My favorite amusement park rides are roller coasters, and Screamin’ is a good one – it’s fast, has great dives and air time, and it’s long. Paradise Pier is also home to what turned out to be one of my favorite rides: Toy Story Midway Mania. It’s a fantastic mash-up of ride and carnival game. You wear 3-D glasses, and sit in cars equipped with toy guns that whip you through fun carnival-themed environments. The cars stop in front of 5 or 6 giant screens, and you compete against the other people in your cars in virtual carnival games populated with Toy Story characters: there’s a ring toss, and games where you break plates with baseballs, pop balloons with darts, and shoot at moving targets. The ride keeps track of your points, and at the end of the ride, you can see who won! I rode with Tom…

…and I won (I was Player 2)!

Heidi, who was one car over, handily beat me by an additional 30,000 points or so. Well played, Heidi!

While Toy Story Midway Mania was a blast, my favorite ride at DCA was Soarin’ Over California, where you sit in chairs that allow your feet to dangle. When the ride starts, the chairs get repositioned in front of a giant concave IMAX screen. There’s beautiful footage of scenery and landmarks from around California, and it comes together to make it seem like you’re hang gliding over all of it. The ride isn’t scary – it’s simply beautiful, and wonderfully done.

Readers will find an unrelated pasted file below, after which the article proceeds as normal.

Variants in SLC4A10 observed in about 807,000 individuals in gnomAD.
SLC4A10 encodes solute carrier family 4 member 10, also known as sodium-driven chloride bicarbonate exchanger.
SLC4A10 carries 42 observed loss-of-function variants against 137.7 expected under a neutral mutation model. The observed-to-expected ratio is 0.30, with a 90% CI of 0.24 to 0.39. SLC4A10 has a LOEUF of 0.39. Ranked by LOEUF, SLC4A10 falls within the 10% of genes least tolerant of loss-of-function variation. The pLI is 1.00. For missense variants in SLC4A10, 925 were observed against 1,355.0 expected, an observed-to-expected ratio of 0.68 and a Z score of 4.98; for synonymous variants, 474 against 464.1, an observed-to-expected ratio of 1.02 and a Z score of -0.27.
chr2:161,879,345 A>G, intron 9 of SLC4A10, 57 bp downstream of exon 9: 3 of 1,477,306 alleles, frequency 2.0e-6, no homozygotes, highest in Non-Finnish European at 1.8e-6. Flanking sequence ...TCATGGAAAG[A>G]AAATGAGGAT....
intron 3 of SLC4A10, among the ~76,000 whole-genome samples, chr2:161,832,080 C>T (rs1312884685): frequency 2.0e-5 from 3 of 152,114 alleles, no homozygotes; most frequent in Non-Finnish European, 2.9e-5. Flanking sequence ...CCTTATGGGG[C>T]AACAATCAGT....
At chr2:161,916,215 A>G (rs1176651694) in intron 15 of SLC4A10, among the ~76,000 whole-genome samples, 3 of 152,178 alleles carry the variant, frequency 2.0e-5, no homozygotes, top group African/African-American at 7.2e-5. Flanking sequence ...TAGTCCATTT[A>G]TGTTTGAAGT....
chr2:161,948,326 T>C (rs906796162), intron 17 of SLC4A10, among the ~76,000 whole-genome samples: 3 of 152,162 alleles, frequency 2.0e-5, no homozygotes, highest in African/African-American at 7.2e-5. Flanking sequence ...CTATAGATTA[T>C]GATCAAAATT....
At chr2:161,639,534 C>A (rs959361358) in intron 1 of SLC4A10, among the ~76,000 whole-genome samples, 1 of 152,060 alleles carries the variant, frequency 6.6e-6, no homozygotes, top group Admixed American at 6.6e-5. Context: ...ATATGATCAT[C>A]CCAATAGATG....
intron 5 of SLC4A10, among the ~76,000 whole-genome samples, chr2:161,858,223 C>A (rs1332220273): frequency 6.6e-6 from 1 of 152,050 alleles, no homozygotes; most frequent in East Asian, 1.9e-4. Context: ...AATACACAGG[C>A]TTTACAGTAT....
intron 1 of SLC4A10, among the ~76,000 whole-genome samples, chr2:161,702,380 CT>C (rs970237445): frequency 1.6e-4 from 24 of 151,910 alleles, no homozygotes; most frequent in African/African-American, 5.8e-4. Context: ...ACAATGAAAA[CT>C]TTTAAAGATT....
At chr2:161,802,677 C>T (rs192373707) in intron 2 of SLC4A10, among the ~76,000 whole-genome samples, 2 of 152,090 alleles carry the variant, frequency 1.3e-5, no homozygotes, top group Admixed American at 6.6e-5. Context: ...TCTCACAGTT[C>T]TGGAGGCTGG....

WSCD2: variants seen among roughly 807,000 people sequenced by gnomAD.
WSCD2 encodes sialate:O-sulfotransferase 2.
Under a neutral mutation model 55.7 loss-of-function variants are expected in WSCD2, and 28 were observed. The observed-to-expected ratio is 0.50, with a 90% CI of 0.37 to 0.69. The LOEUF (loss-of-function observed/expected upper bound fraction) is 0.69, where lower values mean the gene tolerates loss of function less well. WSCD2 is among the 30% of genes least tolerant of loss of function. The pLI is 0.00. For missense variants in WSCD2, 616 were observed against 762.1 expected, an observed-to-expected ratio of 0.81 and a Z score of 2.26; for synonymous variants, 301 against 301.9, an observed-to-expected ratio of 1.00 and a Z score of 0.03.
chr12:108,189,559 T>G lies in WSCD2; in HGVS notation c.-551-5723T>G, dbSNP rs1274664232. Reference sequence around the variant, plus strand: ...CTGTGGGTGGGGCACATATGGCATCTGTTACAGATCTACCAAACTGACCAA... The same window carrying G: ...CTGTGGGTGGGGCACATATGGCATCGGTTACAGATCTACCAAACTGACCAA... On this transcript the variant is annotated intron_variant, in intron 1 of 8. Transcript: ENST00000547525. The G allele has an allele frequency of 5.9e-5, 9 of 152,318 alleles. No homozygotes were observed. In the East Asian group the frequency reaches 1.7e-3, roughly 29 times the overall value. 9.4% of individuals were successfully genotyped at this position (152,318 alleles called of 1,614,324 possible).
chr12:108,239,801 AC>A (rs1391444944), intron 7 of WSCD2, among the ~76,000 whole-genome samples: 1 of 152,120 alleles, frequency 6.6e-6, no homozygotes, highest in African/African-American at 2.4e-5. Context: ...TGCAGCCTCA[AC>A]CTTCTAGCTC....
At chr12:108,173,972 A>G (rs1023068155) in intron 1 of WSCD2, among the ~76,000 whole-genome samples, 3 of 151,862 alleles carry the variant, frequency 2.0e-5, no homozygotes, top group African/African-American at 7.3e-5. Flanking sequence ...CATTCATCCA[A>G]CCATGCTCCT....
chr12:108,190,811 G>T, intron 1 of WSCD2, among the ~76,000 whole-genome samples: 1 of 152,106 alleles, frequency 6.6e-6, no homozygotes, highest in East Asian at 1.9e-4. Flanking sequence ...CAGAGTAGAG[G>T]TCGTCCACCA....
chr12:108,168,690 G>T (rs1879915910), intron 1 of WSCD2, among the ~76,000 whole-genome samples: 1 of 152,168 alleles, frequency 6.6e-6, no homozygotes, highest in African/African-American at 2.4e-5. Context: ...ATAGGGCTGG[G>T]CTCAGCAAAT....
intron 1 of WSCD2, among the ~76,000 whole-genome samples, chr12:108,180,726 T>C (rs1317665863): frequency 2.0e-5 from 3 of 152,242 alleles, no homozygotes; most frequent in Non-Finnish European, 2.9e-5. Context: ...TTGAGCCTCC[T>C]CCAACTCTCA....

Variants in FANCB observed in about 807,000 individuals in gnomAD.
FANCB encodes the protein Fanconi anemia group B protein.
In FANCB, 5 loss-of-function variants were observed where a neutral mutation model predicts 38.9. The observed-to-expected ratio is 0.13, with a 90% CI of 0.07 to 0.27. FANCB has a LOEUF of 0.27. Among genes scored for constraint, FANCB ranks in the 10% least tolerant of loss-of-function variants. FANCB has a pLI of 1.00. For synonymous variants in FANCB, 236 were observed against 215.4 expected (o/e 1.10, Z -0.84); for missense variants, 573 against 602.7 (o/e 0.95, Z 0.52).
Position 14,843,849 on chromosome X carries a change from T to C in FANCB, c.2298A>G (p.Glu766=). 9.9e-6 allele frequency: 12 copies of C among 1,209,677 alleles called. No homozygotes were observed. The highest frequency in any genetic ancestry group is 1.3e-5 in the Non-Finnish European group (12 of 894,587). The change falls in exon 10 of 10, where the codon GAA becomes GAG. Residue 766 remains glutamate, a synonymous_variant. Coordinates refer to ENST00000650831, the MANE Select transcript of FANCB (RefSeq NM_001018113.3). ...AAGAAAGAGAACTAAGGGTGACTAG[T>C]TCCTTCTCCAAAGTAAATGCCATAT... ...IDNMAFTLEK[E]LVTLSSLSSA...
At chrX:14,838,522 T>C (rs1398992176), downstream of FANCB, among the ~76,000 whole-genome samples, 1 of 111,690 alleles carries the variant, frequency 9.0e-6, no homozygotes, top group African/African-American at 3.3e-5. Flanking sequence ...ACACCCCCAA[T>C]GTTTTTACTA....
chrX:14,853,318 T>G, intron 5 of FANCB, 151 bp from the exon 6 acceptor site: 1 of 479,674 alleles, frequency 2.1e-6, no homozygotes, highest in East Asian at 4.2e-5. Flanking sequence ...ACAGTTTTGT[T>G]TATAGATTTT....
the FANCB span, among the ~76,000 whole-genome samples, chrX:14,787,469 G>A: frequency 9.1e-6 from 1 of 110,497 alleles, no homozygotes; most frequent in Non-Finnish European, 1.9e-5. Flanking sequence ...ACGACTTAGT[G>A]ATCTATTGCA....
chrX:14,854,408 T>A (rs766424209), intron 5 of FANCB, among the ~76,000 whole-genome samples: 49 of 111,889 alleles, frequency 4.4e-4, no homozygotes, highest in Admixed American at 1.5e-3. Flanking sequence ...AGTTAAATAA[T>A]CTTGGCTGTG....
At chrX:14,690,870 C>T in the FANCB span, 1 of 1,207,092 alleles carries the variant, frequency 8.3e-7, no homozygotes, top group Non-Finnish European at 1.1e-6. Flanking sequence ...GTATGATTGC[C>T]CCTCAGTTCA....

I don’t have too many more pictures to share – I didn’t take many to begin with, and then my battery died halfway through the day (whoops). But I did photograph my lunch, because even though I was at a theme park, that didn’t mean I was going to make poor food choices. We ate at Paradise Garden Grill, which serves Mediterranean and Middle Eastern food – cuisines I’ve never seen in a theme park before!

That’s a beef kofta skewer. Kofta is basically a Middle Eastern spiced meatball. There’s cucumber salad, rice pilaf, and a piece of pita on the side. They offer 4 sauces, but I couldn’t pick just one, so I got all four to try. The white one was tzatziki (a yogurt and cucumber sauce), the green one was chimichurri (an Argentinean herb and oil-based sauce), and I forget what the other ones were, but I think one was a Moroccan-spiced chili sauce.